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Manifestation of Novel Social Challenges of the European Union in the Teaching Material of Medical Biotechnology Master’s Programmes at the University of Pécs and at the University of Debrecen Identification number: TÁMOP-4.1.2-08/1/A-2009-0011.

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Basics of molecular gerontology – Aging theories

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Basics of molecular gerontology aging theories

Manifestation of Novel Social Challenges of the European Unionin the Teaching Material ofMedical Biotechnology Master’s Programmesat the University of Pécs and at the University of Debrecen

Identification number: TÁMOP-4.1.2-08/1/A-2009-0011


Basics of molecular gerontology aging theories

Manifestation of Novel Social Challenges of the European Unionin the Teaching Material ofMedical Biotechnology Master’s Programmesat the University of Pécs and at the University of Debrecen

Identification number: TÁMOP-4.1.2-08/1/A-2009-0011

Krisztián Kvell

Molecular and Clinical Basics of Gerontology – Lecture 28

Basics of moleculargerontology –Agingtheories


Basics of molecular gerontology aging theories

What is lifespan?

  • Averagelifespan:Ageatwhich 50% of cohort has died (muchcontroledbyenvironment)

  • Maximum life-span: Essentiallytheage of thelastsurvivor (muchcontrolledbygenetics)


Basics of molecular gerontology aging theories

Correlation between body mass and lifespan

1000

100

tmax (yrs)

10

y = 5.58x0.146

r2 = 0.340

1

1.E+10

1.E+08

1.E+06

1.E+04

1.E+02

1.E+00

M (g)


Basics of molecular gerontology aging theories

Approaches in senescence research

  • Three major branches:

    • Biometricbranch:complex, difficulttoperformintervention

    • Inductivebranch:few, simple, universalmechanisms

    • Regeneration and renewalbranch:focusonreplacementandremodeling


Basics of molecular gerontology aging theories

August Weismann’sconcepts on aging

  • Adaptiveconcept:Agingevolvedtocleansethepopulationfrom old, non-reproductiveconsumers

  • Non-adaptiveconcept:Aging is duetogreaterweightonearlysurvival / reproductionratherthanvigoratlaterages


Basics of molecular gerontology aging theories

Pioneers of aging research include

  • DenhamHarman

  • George Sacher

  • Nathan Shock

  • Bernard Strehler

  • Alex Comfort

  • John Maynard Smith

  • ZhoresMedvedev

  • PaolaTimiras

  • LoenardHayflick

  • George Martin


Basics of molecular gerontology aging theories

The family tree of aging theories

Aging theories

Evolutionary theories of living and longevity

Programmed theories

Damage theories

Beyond molecular biology of aging

General formulations

Individual mechanisms

Stress-induced premature senescence (SIPS)


Basics of molecular gerontology aging theories

Major groups of aging theories

  • Evolutionarytheories

  • Programmedtheories

  • Damagetheories

    • General formulations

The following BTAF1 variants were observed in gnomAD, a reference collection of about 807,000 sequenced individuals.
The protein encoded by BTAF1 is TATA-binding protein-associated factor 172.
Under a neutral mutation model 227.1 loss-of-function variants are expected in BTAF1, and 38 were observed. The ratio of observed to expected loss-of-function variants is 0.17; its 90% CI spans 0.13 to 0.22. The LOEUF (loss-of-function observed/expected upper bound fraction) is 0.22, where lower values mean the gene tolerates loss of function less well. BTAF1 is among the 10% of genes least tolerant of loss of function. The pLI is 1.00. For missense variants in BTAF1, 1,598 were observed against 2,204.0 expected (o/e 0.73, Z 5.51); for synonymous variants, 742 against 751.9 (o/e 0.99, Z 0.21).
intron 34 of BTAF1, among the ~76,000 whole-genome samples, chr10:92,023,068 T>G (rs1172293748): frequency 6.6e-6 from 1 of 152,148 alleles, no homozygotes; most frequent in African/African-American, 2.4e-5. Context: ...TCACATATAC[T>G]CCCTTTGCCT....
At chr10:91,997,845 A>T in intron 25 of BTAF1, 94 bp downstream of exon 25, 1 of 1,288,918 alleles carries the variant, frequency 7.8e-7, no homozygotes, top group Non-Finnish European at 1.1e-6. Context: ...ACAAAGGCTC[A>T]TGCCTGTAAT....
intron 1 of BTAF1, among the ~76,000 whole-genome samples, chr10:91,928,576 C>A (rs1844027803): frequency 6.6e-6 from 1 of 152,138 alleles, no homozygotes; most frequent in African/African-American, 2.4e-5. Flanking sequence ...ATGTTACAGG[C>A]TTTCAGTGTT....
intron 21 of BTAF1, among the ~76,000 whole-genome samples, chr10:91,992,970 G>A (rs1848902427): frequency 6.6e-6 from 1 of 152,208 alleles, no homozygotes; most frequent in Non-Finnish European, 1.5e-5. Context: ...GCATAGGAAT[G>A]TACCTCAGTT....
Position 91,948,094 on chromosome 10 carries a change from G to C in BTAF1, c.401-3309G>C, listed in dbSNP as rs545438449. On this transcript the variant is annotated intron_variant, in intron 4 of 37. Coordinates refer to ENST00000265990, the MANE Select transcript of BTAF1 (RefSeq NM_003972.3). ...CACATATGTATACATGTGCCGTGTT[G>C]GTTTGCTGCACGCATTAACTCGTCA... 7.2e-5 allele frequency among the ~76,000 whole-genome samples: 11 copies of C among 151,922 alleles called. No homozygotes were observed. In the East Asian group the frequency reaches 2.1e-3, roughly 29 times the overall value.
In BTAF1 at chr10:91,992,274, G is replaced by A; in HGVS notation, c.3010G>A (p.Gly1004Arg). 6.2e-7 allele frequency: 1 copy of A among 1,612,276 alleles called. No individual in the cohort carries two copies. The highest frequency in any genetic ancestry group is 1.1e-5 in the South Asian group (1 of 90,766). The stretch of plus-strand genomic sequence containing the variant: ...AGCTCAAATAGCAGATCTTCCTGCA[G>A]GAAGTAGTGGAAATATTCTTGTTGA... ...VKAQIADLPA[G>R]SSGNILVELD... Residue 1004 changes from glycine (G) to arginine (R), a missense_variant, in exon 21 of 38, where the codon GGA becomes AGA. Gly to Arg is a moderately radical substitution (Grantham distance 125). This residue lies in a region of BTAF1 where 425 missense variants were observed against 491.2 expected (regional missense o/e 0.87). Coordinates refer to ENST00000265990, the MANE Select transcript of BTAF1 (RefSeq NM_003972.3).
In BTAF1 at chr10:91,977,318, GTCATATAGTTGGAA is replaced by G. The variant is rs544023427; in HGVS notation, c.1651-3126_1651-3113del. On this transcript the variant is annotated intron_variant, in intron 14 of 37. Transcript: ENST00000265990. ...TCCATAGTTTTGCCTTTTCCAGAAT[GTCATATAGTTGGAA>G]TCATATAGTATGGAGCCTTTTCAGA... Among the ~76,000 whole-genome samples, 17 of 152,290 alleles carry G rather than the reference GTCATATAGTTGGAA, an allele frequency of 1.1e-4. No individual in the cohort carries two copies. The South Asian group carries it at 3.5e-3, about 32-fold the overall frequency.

• Individualmechanisms

    • Stressinducedprematuresenescence (SIPS)

  • Beyondmolecularbiology of aging


Basics of molecular gerontology aging theories

Major groups of aging theories,in depth I

Evolutionary theories ofliving and longevity

  • Programmed death theory

  • Mutation accumulation theory

  • The antagonistic pleiotropy theory


Basics of molecular gerontology aging theories

Major groups of aging theories,in depth II

Programmed theories

  • Immune system compromise

  • Neurological degeneration

  • Hormonal theory of aging

  • The genetic clock(programmed epigenomic theory)


Basics of molecular gerontology aging theories

Major groups of aging theories,in depth III

General formulations

  • Misrepair accumulation theory

  • Waste accumulation theory of aging

  • Error catastrophe theory

  • Wear and tear theory


Basics of molecular gerontology aging theories

Major groups of aging theories,in depth IV

Individual mechanisms

  • Chronic or excess inflammation

  • Mitochondrial damage

  • Methylation

  • Glycation

  • Oxidative damage-Free radical

  • Somatic DNA damage/mutation


Basics of molecular gerontology aging theories

Major groups of aging theories,in depth V

Beyond molecular biology of aging

  • Thermodynamics of aging

  • Reliability theory

  • Rate of living theory


Basics of molecular gerontology aging theories

Theory of antagonistic pleitropy

  • Trade-offbetweenfertility and longevitygenes

  • Optimalconditions: investingrowth and reproduction

  • Restrictiveconditions: shutoffreproduction, investinsomaticmaintenance and survival


Basics of molecular gerontology aging theories

Correlation ofmorbidity ratesand age

  • Morbidity rate

  • increase peaksat 60y,

  • deceleratesafter 80y,

  • remains linearafter 110y

60

Sinusitis

Asthma

50

Renal disease

Arthritis

40

Diabetes

Cancer

30

% with disease

Cardiac disease

20

10

0

0

20

40

60

80

100

Age (years)


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